The recipes contained in the book are in menu format according either to the function (i.e., tea time, lunch, family dinners, holiday celebrations), or the venue, as in the chapter entitled "Over There an International Affair".  The recipes vary also from some of those served in the 17- or 1800's to those from the current conflict in Iraq.  They are a delightful fast look through the formalities of afternoon tea for the revolutionary war officer's wives to the home for the holiday's meals of the more current day.  The recipes are mostly the type one might use on any given day or perhaps for a special occasion.  Most are quite simple and the ingredients are easily found.

I have to be honest and say that this cookbook is a real exception for me from the usual cookbook fare.   It is a good reading book in its own right.  There is a wealth of knowledge and information and personal glimpses into the and day to day lives of the military life, and it is presented in such a way as to not be the dry boring stuff of history class we all remember from school.  The author brings these women to life.  We feel their struggles and trials and even, sometimes, the grief and pain that is often the way for a wife of a military man.  There is a treasure-trove of facts an trivia, such as  during the siege at Valley Forge 10 women in ox carts came with supplies for the troops, or that General Custer's wife Elizabeth followed her husband to every posting,  and her journals and letters provide a great deal of information about their life both before and after the battle of Little Bighorn.

Now nothing is perfect and this cookbook is no exception.  There were plenty of photographs in the book; however none of them were related to the food.  The pictures were interesting, well researched photographs of many men, women, and children who did their part for the war efforts, but not one picture of the dish or even a picture of the proposed menu laid out on the table ready to be served.  I don't expect an author to have pictures off all their dishes, but, after all, this does have "cookbook" in the title so therefore it is about the food too, and should at least have one or two pictures of the food.  I also didn't like the way the index was set up, and perhaps that is because it is laid out in the book in menu format so when looking for a recipe I didn't always remember the "family" given or specific name for it.  If the index had been a two fold index with both the recipe names and also a menu index that would have been helpful to me.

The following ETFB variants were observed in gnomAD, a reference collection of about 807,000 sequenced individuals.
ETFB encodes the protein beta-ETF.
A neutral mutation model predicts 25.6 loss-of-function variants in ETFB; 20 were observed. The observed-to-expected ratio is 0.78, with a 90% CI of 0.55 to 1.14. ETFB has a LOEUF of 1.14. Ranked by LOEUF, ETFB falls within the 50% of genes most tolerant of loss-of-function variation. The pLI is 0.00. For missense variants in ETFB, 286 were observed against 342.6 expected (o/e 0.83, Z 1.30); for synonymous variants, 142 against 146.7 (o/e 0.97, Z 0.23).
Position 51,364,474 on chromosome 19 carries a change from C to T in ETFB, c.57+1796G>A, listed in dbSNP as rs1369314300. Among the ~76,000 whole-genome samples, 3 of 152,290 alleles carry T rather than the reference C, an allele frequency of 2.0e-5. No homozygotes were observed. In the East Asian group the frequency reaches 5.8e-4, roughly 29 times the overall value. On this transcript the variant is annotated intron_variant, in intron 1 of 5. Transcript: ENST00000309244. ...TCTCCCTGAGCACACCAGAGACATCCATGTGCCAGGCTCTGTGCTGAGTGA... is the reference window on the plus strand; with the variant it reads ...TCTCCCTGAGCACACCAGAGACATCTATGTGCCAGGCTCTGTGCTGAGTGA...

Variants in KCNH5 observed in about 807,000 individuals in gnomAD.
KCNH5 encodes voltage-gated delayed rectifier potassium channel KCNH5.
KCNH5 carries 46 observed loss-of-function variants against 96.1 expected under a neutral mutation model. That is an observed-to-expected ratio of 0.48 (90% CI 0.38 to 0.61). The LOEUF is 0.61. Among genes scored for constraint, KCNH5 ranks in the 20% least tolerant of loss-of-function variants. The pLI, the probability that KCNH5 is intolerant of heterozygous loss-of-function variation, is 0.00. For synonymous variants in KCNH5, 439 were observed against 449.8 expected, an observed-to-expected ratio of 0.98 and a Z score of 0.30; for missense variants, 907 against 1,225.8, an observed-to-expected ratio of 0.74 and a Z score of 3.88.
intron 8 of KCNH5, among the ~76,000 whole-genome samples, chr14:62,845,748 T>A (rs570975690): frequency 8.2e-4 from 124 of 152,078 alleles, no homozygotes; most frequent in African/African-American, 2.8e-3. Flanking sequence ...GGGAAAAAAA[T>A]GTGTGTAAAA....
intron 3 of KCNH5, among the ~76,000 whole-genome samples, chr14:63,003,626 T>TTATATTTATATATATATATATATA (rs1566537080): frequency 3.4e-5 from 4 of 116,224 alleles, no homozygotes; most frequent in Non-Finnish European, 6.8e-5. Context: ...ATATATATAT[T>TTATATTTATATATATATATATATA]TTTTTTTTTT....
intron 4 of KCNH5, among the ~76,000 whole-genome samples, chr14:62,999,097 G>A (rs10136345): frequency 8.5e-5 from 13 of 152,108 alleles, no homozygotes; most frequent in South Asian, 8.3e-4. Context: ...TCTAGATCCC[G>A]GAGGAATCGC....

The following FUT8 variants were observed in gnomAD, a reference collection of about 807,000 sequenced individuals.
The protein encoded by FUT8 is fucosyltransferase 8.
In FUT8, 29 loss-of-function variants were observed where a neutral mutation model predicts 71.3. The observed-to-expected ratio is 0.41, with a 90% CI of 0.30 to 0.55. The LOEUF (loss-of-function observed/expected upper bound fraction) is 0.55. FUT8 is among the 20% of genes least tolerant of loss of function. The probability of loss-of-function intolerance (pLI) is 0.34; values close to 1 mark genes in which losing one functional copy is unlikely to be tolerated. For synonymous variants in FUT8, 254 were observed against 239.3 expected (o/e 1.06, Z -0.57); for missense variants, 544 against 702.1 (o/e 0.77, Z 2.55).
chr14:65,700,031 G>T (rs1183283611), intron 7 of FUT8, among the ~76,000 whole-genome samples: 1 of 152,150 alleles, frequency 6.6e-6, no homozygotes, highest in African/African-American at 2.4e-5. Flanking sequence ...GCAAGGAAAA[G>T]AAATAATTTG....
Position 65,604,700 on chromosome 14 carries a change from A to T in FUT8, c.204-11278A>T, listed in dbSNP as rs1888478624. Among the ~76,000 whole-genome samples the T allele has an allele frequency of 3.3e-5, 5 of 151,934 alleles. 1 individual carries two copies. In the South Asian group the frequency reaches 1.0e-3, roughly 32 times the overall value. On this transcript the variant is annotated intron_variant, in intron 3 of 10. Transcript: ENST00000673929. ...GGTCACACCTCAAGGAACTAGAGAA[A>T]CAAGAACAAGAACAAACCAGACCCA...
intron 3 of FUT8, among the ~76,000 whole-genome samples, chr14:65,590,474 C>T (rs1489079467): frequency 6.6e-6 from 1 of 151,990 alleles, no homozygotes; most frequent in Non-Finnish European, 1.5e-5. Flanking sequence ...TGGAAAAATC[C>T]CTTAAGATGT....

If you're reading this and thinking, "I really don't need another cookbook," think again.  It is a good cookbook, but it is a great read.  I would buy this book for myself, as a gift, and most definitely for every military family you know.  This would be of interest to the cook and non- cook alike because of the historic information and  the patriotic relevance throughout the book.  This has been the best book I have had the pleasure to open so far this year. 

Recipe: Bulkobi (Korean Barbecue)

4 pounds sirloin
¼ Cup rice wine
1 ½ Cups soy sauce
¼ Cup firmly packed brown sugar
2 Tablespoons sesame oil
5 Cloves garlic, crushed
3 Tablespoons ginger root, grated
1 large onion grated
¼ cup thinly sliced green onion
Pinch Chinese 5 spice seasoning
Pinch cayenne
¼ Cup sesame seeds, lightly toasted and divided

This recipe may be cooked on the grill, which is delicious, or pan-fried. If you are grilling the meat, you may leave the sirloin whole and cut the meat in thin slices after it is cooked.  However if you pan-fry the meat, cut it across the grain  into thin slices prior to cooking.  Wash the meat under cold running water and prepare it according to the cooking method you will use.  Place the meat with all remaining ingredients, including half of the sesame seeds, into a sealed plastic bad.  Marinate it for 24 to 48 hours.  Cook to well done, sprinkle with the remaining sesame seeds, and serve with sticky rice and Korean bean sprout salad. 
Makes 4 to 6 servings.

Recipe courtesy the "Military Wives' Cookbook:  200 Years of Traditions, Recipes, and Remembrances," written by Carolyn Quick Tillery, published by Cumberland House,  2008